About a year ago, the International Automobile Federation (FIA), through its president Jean Todt, announced the desire to make the premier category of motor sport even more environmentally friendly. After the introduction of hybrid engines in 2014, which increased power to around 1000 hp and reduced consumption of more than 100 liters to less than 75 l / 100 km, the FIA is preparing to make a further cut in the emissions emitted by Formula 1 engines.
After 12 months of researching and developing carbon-neutral gasoline, that is, a synthetic fuel that does not derive from oil, but was artificially produced by man with carbon removed from the atmosphere, the FIA is satisfied with the results achieved. To the point of announcing that, within three years, in 2023, it can be used in F1 engines.
The researcher at the service of the FIA, Gilles Simon, who has worked for teams such as Peugeot and Ferrari, is betting on two solutions simultaneously to achieve the goals set by Todt, because time does not abound and money is not a problem .
The huge generators that produce the energy needed to recharge Formula E batteries work in aquafuel, a kind of non-toxic and non-polluting glycerin
On the table are two types of synthetic gasoline. One is produced as if it were a biofuel, made from waste, and the other seems more promising because it captures carbon dioxide from the atmosphere, to remove the carbon, which then adds to the hydrogen removed from the atmosphere, in order to “build ”Gasoline, essentially a molecule of hydrogen and carbon.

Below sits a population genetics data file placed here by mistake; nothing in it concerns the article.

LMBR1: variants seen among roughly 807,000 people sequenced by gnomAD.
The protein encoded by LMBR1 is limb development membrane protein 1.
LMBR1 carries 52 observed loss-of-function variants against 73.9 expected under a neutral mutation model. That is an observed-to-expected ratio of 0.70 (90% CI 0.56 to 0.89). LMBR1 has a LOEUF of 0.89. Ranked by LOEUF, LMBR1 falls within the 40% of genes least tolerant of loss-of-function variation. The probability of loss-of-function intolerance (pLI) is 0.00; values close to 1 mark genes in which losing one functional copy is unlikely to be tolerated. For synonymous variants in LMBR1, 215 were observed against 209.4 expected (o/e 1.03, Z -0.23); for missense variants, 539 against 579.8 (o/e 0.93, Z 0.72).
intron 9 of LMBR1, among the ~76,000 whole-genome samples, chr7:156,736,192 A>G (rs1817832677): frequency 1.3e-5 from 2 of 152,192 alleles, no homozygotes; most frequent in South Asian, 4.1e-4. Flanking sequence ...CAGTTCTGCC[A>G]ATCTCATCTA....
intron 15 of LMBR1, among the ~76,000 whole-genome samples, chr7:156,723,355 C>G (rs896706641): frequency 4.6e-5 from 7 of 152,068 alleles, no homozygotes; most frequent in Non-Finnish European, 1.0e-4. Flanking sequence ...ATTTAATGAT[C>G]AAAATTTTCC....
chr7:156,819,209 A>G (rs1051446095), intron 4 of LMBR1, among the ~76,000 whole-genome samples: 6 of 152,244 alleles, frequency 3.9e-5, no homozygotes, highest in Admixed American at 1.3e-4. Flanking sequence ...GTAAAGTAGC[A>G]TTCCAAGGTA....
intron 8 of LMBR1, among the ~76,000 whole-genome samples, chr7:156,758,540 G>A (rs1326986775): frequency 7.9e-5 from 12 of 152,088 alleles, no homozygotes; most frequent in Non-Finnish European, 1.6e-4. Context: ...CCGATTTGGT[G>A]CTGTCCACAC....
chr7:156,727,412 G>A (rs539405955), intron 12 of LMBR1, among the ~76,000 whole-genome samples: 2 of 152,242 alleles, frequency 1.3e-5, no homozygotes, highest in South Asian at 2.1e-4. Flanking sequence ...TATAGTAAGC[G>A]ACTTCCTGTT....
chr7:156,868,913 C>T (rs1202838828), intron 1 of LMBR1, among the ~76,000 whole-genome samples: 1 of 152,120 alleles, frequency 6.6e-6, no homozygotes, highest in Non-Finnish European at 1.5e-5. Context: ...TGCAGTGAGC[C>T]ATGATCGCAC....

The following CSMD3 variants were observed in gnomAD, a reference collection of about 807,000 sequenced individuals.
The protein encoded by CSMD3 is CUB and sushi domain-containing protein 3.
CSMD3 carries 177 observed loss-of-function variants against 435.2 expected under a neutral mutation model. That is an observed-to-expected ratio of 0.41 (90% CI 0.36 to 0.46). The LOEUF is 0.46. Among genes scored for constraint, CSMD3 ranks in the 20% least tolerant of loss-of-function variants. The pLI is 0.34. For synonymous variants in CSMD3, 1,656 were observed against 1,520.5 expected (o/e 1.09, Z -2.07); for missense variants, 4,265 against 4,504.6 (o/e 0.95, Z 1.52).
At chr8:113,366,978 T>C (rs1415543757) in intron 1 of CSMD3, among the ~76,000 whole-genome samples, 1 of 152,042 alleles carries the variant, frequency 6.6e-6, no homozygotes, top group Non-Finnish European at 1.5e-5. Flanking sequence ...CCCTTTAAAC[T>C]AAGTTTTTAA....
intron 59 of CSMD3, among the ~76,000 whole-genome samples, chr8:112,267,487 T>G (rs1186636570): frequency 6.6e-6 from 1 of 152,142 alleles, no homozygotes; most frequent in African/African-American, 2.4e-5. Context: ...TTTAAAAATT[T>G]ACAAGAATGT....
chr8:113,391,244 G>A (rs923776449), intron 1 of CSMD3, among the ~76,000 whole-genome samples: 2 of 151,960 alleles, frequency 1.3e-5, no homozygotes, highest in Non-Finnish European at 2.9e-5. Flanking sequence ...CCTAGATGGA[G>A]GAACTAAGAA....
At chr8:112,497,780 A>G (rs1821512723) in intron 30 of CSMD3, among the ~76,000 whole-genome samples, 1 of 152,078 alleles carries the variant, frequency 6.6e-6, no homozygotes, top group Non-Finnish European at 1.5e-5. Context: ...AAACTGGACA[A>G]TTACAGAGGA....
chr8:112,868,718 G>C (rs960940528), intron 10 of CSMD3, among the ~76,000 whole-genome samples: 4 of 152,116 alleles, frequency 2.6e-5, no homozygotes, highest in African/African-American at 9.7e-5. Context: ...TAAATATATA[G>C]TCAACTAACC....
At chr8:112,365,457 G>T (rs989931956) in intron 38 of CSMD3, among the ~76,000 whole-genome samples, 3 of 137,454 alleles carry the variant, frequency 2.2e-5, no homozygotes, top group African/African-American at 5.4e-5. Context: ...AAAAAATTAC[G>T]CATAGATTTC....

Once burned by the engine, this synthetic gasoline returns the carbon to the atmosphere, in the same amount that was removed beforehand, which makes it carbon neutral, that is, not emitting an additional gram of CO2. On the way, as it is 100% synthetic, it also emits zero particles, zero NOx and zero sulfur, making F1 much more environmentally friendly.
Jean Todt, president of the FIA, who was previously director of the Ferrari F1 team
Before 2023, when the new fuel is expected to debut, the FIA should force cars to start burning gasoline with 20% biomass origin as of 2022. It will be a (modest) first step, taking on other shapes if we think that, throughout the season, the teams consume about 1 million liters of fuel.
With the new fuels, the FIA hopes to avoid being crucified by public opinion for promoting a terribly polluting discipline, especially at a stage when Formula E already feeds generators that produce the energy to power batteries in electric formulas with Aquafuel, a type of glycerin that is neither fossil nor polluting (except in the first 5 minutes, when generators have to work on diesel).